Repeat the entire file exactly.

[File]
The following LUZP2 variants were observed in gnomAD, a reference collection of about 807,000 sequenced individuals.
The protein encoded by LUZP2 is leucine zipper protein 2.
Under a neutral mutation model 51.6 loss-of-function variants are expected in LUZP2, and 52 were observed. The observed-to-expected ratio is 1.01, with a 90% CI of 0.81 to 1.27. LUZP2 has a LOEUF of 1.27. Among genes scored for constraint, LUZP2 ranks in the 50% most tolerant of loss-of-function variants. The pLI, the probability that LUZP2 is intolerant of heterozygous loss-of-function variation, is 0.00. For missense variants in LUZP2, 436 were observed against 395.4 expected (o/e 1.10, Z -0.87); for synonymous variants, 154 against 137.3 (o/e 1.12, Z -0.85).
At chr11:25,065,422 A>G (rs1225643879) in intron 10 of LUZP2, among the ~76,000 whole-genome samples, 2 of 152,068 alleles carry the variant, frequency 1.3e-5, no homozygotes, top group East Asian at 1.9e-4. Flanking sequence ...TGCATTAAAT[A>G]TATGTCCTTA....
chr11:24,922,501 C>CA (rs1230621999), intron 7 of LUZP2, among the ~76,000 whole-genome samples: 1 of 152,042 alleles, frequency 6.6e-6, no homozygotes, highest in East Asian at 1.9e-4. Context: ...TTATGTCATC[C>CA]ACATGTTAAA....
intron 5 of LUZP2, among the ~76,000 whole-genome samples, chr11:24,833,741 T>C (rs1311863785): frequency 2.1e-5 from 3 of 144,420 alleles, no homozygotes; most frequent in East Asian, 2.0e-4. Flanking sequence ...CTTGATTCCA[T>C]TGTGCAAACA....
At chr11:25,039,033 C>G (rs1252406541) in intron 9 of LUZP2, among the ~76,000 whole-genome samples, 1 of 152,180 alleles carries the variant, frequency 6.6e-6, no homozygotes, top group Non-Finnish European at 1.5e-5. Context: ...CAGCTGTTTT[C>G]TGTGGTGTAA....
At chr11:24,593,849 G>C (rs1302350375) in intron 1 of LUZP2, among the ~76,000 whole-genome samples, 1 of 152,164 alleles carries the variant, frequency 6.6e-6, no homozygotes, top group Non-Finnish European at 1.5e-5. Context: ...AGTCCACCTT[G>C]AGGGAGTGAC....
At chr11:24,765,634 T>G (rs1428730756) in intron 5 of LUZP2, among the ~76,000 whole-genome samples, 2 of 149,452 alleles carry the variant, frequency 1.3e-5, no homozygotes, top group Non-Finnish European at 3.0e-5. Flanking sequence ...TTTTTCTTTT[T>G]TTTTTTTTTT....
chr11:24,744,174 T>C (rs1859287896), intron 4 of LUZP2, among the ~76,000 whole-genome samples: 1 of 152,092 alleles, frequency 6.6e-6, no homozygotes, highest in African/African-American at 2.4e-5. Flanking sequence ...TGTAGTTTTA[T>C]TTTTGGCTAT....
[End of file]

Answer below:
The following LUZP2 variants were observed in gnomAD, a reference collection of about 807,000 sequenced individuals.
The protein encoded by LUZP2 is leucine zipper protein 2.
Under a neutral mutation model 51.6 loss-of-function variants are expected in LUZP2, and 52 were observed. The observed-to-expected ratio is 1.01, with a 90% CI of 0.81 to 1.27. LUZP2 has a LOEUF of 1.27. Among genes scored for constraint, LUZP2 ranks in the 50% most tolerant of loss-of-function variants. The pLI, the probability that LUZP2 is intolerant of heterozygous loss-of-function variation, is 0.00. For missense variants in LUZP2, 436 were observed against 395.4 expected (o/e 1.10, Z -0.87); for synonymous variants, 154 against 137.3 (o/e 1.12, Z -0.85).
At chr11:25,065,422 A>G (rs1225643879) in intron 10 of LUZP2, among the ~76,000 whole-genome samples, 2 of 152,068 alleles carry the variant, frequency 1.3e-5, no homozygotes, top group East Asian at 1.9e-4. Flanking sequence ...TGCATTAAAT[A>G]TATGTCCTTA....
chr11:24,922,501 C>CA (rs1230621999), intron 7 of LUZP2, among the ~76,000 whole-genome samples: 1 of 152,042 alleles, frequency 6.6e-6, no homozygotes, highest in East Asian at 1.9e-4. Context: ...TTATGTCATC[C>CA]ACATGTTAAA....
intron 5 of LUZP2, among the ~76,000 whole-genome samples, chr11:24,833,741 T>C (rs1311863785): frequency 2.1e-5 from 3 of 144,420 alleles, no homozygotes; most frequent in East Asian, 2.0e-4. Flanking sequence ...CTTGATTCCA[T>C]TGTGCAAACA....
At chr11:25,039,033 C>G (rs1252406541) in intron 9 of LUZP2, among the ~76,000 whole-genome samples, 1 of 152,180 alleles carries the variant, frequency 6.6e-6, no homozygotes, top group Non-Finnish European at 1.5e-5. Context: ...CAGCTGTTTT[C>G]TGTGGTGTAA....
At chr11:24,593,849 G>C (rs1302350375) in intron 1 of LUZP2, among the ~76,000 whole-genome samples, 1 of 152,164 alleles carries the variant, frequency 6.6e-6, no homozygotes, top group Non-Finnish European at 1.5e-5. Context: ...AGTCCACCTT[G>C]AGGGAGTGAC....
At chr11:24,765,634 T>G (rs1428730756) in intron 5 of LUZP2, among the ~76,000 whole-genome samples, 2 of 149,452 alleles carry the variant, frequency 1.3e-5, no homozygotes, top group Non-Finnish European at 3.0e-5. Flanking sequence ...TTTTTCTTTT[T>G]TTTTTTTTTT....
chr11:24,744,174 T>C (rs1859287896), intron 4 of LUZP2, among the ~76,000 whole-genome samples: 1 of 152,092 alleles, frequency 6.6e-6, no homozygotes, highest in African/African-American at 2.4e-5. Flanking sequence ...TGTAGTTTTA[T>C]TTTTGGCTAT....